How to survive any economic downturn or climate shift by becoming self-sufficient and living off the land
Self-sufficiency is becoming more and more important with time, particularly as the world’s crop production takes strain due to shifting climate patterns. Self-sufficiency implies becoming able to survive by yourself, or without depending on shops, markets or the government to supply your survival needs, like water, sanitation and food. Now is the time to prepare as the multiple challenges to the system arise.
With water becoming a rare commodity around the world, crops are taking strain. Either there is too much water, like the flooded plains of America and farmers are unable to benefit from “wet planting” other than gaining the insurance money or government grant, or there is too little water, as in India, for example, where the monsoons are late and diminished, thus lowering the water table and forcing the government to send tankers around to supply drinking water.
As wheat and grain prices increase due to poor crops globally, the price of staple foods will rise. We all live on some form of grains, in Africa it’s maize, in India and China it’s rice and in the European west it’s wheat. Soy is used to feed cattle, and that in itself is a singly destructive and devastating industry to the forests and the cows who have to eat the GMO product. All of these commodities are suffering from decreased production this year and a price increase, so the knock on effect will cause things like bread and all grain-based foods to increase in price.
Zimbabwe is experiencing a 50% shortfall in its grain production, in a country that used to be the bread basket of the world. As a result individuals there and throughout the world may need to look at investing more time and effort into growing their own. Not only do we all need to grow some sort of food for ourselves, but we also need to look at becoming energy self-sufficient too. Solar panels and batteries are one solution. In South Africa where I live there is a culture of corruption and ineptitude which has crippled the national energy provider to such a degree that every few months we go through scheduled power cuts for two hours at a time, twice a day. As a result I have bought a solar system comprising of a battery, panel, inverter, controller and some cable with lights.
Besides that rain tanks are crucial to collect your own rain water. In the past two years, my old home tow of Cape Town became the first city in the world to run out of water for all 4 million residents. Tankers had to deliver water during the summer back then, two years ago, and things remain on the brink of drought. This was predicted to occur years ago already, as the south coast of Africa begins to dry out with shifting climate patterns. I left the city some years ago already due to the increased pollution and crowding, and live a few hundred miles further down the coast, but the drought hit my area just as badly, as the entire coastline is affected.
My friends in the neighbourhood have been building green houses for increased food production. Actually they specifically need the greenhouses more to protect the green produce from baboons that roam around here in troops, and have no respect for boundaries or ownership. If they see your crops, they will invade and rip it up, destroying most and eating the rest. They are destructive by nature and so wire cages are the only solution.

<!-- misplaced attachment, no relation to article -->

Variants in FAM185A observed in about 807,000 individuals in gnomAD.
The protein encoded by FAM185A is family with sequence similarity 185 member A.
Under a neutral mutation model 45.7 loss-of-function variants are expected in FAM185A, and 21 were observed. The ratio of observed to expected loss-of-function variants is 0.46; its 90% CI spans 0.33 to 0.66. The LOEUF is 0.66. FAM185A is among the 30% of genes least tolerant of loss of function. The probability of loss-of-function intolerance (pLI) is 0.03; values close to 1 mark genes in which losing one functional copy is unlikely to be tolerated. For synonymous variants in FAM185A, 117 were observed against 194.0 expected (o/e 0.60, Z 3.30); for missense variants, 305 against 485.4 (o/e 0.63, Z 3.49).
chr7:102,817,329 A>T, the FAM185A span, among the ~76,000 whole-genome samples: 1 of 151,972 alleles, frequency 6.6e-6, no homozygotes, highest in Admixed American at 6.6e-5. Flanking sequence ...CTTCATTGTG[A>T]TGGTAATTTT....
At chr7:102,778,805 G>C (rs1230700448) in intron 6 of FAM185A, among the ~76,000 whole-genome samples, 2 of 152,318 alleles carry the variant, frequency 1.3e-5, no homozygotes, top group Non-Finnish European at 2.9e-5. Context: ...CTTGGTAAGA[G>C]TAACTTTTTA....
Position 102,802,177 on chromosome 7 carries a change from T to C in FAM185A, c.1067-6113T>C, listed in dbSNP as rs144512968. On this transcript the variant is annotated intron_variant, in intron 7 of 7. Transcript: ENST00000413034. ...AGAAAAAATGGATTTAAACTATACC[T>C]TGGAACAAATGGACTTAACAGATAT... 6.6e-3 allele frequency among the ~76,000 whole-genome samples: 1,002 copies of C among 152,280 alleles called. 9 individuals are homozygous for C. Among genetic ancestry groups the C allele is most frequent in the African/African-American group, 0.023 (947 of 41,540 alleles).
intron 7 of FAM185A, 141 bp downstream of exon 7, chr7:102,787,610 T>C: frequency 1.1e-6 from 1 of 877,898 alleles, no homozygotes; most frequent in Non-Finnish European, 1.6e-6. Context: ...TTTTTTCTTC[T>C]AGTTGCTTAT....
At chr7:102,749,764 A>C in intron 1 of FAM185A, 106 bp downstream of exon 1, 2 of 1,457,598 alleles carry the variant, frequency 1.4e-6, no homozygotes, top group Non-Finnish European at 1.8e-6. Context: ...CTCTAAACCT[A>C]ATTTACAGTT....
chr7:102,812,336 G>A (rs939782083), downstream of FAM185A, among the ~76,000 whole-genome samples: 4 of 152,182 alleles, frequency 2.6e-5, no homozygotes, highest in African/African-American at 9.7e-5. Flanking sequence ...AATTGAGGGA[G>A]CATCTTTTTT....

Cage production has done wonders in protecting the green produce and with the help of an expert farmer from Malawi, they have been able to grow what they need to eat, as well as many beautiful flowers, including sunflowers, with their healthy seeds. The first step was to dig a long narrow trench or “swale”, as its called, which catches rain and run-off very well, holding it for longer and channeling it into a small pond. Then the cage is built nearby and the green veg is then fed by the collected water.
The permaculture system is very popular and highly recommended for food production, where the goal is to have “food forests” all over, growing abundantly and continually without being mono-crop but rather a diverse mixture of plants. Legumes like beans and others are planted first to help add nitrogen to the soil. Thereafter other plants are added, including shade-bearing small trees. Besides that fire wood is another fundamental commodity, so fast growing pine or the many alien invader trees are used. They were brought in from overseas in previous generations for one reason or the other, but became invasive and too prolific, pushing out the other local indigenous plants. They are now considered a weed, like Wattle, Blackwood and even Eucalyptus or Bluegum as it’s called. One is required to remove them but even they make great firewood, as long as their growth is kept in check and not allowed to grow rife.
Here in the pictures you can see the growing cage coming on very nicely in its construction, a simple job, but secure enough to last the onslaughts of the mischievous baboons. In this way the farm lives off the grid, and has been collecting all its own rain water and solar energy for over a decade, growing produce and collecting its own firewood. One still needs to supplement with grains from the shops, like rice or flour, but if there was to be any sort of crisis, then the farm would survive on its own resources indefinitely.
This is something everyone should look into in the long run, namely moving out of the busy urban areas, setting up a place in the countryside, with rain tanks and solar systems, while planting forests for wood and gardens for food. In this way one can be assured survival if and when the next global financial recession appears, or the shifting climate ruins mono crop production globally.